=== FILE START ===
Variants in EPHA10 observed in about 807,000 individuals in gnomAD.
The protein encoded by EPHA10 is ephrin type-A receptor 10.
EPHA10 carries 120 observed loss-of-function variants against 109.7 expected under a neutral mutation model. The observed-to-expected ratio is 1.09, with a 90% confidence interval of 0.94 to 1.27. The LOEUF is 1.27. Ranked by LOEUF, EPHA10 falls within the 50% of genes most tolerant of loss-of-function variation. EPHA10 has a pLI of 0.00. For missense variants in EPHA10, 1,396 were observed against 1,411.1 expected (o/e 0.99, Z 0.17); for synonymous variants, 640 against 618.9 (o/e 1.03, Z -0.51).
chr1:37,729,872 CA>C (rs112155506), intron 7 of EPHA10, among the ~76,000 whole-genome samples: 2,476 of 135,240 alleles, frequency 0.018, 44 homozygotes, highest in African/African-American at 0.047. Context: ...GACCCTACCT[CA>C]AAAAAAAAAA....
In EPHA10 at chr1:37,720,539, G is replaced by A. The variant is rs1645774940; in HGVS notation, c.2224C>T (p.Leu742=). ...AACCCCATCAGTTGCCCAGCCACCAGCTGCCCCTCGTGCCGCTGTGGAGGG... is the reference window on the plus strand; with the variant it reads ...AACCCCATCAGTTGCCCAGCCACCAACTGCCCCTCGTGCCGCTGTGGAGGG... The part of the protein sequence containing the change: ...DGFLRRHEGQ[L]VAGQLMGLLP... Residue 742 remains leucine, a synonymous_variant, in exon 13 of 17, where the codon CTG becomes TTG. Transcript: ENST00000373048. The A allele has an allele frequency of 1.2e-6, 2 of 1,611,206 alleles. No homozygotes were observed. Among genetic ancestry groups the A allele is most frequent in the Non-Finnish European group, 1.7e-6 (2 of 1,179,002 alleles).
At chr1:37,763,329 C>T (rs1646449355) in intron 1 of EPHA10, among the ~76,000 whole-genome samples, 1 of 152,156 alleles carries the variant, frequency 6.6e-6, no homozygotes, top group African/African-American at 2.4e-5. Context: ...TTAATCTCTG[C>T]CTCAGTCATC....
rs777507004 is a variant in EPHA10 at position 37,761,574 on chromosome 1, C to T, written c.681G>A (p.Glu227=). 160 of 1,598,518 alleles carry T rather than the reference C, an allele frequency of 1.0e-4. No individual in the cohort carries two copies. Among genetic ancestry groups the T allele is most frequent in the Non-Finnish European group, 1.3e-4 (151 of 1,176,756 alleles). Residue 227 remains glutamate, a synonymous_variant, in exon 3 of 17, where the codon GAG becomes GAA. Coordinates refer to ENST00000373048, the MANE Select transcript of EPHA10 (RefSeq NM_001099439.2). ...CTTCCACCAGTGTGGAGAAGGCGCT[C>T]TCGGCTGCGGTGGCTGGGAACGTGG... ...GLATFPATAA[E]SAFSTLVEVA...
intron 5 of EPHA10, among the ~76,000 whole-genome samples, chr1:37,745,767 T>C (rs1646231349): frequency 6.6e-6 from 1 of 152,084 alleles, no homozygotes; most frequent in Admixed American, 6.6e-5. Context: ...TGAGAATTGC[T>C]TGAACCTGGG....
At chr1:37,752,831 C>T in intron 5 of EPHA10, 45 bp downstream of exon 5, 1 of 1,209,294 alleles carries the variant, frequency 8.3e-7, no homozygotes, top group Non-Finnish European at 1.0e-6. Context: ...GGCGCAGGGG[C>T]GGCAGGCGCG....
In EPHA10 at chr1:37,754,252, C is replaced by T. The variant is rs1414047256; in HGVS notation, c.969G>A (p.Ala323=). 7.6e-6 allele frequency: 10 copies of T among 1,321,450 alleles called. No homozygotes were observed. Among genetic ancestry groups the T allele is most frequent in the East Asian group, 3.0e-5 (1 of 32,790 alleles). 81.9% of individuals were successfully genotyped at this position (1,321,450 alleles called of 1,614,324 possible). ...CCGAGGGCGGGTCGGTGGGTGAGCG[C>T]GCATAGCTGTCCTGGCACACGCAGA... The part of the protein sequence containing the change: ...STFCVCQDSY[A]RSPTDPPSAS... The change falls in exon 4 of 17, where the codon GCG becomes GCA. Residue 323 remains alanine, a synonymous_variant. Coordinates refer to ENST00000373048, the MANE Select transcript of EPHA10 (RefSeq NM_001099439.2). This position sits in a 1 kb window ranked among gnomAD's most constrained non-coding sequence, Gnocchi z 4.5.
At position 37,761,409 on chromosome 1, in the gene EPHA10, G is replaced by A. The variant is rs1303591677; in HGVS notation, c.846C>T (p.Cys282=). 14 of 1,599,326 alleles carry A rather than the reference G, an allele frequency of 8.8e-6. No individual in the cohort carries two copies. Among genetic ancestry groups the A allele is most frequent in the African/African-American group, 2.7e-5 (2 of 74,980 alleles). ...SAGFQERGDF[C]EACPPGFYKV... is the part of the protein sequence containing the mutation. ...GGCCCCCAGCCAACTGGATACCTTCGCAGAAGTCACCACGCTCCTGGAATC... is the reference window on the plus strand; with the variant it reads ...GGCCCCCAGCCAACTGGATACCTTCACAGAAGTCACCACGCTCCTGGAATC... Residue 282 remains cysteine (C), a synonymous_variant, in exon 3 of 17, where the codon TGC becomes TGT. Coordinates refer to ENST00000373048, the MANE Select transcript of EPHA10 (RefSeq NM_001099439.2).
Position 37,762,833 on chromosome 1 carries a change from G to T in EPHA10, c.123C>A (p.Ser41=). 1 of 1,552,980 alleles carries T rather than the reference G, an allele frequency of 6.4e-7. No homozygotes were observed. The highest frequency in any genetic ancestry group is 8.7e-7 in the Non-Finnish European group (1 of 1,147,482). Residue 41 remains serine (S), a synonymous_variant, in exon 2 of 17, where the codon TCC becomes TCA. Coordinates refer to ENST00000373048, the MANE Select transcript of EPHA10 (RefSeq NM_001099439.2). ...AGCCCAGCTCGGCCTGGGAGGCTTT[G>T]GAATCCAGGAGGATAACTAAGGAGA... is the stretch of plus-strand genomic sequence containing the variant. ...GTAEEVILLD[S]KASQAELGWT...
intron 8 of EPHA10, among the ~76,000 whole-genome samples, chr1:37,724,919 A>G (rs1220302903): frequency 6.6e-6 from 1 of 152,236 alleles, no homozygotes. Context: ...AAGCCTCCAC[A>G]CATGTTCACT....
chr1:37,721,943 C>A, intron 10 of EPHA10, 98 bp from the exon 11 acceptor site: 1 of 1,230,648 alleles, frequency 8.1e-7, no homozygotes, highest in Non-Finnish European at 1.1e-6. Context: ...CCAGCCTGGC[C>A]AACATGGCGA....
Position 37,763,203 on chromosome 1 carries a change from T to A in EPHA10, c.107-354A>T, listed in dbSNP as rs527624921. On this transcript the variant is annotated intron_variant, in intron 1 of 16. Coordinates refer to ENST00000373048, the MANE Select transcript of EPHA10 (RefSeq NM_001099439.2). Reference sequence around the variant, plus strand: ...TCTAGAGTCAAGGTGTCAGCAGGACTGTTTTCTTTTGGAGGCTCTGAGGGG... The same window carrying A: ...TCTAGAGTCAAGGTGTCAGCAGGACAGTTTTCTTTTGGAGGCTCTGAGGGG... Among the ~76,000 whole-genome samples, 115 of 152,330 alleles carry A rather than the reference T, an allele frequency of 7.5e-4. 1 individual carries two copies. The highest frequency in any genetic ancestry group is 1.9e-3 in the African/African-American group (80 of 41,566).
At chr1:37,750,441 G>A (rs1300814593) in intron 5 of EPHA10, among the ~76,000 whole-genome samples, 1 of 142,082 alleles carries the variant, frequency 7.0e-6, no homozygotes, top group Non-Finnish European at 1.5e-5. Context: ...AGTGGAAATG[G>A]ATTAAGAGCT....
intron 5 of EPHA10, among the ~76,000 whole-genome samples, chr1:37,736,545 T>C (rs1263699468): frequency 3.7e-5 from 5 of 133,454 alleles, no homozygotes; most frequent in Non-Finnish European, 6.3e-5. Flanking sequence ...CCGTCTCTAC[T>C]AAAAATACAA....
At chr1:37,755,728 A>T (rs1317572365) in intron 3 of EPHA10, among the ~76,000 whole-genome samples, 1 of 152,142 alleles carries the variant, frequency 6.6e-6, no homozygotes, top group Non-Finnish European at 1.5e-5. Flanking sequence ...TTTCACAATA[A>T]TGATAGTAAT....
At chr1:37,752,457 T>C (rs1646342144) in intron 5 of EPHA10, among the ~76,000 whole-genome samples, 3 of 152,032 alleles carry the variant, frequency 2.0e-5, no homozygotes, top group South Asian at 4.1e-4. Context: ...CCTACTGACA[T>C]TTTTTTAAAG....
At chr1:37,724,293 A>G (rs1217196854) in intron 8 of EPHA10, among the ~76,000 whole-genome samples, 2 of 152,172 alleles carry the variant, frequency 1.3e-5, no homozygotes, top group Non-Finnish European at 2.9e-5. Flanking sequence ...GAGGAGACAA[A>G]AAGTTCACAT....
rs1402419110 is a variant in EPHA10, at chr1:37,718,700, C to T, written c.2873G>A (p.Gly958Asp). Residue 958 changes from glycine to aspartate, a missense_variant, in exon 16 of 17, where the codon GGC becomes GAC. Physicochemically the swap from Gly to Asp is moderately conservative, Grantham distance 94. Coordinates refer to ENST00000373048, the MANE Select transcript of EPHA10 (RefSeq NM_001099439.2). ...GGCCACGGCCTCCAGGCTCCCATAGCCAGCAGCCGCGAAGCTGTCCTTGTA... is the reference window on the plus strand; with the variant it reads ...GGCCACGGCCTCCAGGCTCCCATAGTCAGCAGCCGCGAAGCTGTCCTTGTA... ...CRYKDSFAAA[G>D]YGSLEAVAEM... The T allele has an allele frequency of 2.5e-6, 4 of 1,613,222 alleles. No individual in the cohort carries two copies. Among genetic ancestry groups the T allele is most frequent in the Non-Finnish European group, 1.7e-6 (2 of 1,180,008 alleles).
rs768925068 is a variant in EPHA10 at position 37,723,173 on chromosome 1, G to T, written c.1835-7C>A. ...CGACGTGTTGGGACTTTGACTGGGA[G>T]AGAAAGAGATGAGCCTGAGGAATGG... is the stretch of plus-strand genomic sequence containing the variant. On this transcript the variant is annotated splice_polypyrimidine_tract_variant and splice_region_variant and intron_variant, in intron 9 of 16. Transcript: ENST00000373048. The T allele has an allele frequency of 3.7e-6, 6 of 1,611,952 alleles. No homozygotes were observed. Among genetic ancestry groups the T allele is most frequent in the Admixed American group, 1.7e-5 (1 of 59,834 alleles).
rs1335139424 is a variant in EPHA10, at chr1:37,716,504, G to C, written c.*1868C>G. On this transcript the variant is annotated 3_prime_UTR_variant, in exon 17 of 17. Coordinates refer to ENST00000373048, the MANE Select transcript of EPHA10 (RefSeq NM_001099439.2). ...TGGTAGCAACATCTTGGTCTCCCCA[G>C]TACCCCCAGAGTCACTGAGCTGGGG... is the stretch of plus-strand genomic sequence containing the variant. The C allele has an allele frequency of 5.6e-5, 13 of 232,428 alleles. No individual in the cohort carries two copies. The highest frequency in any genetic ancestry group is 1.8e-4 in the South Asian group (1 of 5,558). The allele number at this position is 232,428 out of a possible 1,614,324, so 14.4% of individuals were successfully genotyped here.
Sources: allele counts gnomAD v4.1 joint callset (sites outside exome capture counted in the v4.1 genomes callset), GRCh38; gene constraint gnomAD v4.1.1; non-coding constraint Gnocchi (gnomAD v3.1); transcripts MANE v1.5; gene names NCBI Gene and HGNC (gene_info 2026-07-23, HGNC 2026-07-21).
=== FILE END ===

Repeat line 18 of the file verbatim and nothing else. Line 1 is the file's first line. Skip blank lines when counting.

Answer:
At chr1:37,755,728 A>T (rs1317572365) in intron 3 of EPHA10, among the ~76,000 whole-genome samples, 1 of 152,142 alleles carries the variant, frequency 6.6e-6, no homozygotes, top group Non-Finnish European at 1.5e-5. Flanking sequence ...TTTCACAATA[A>T]TGATAGTAAT....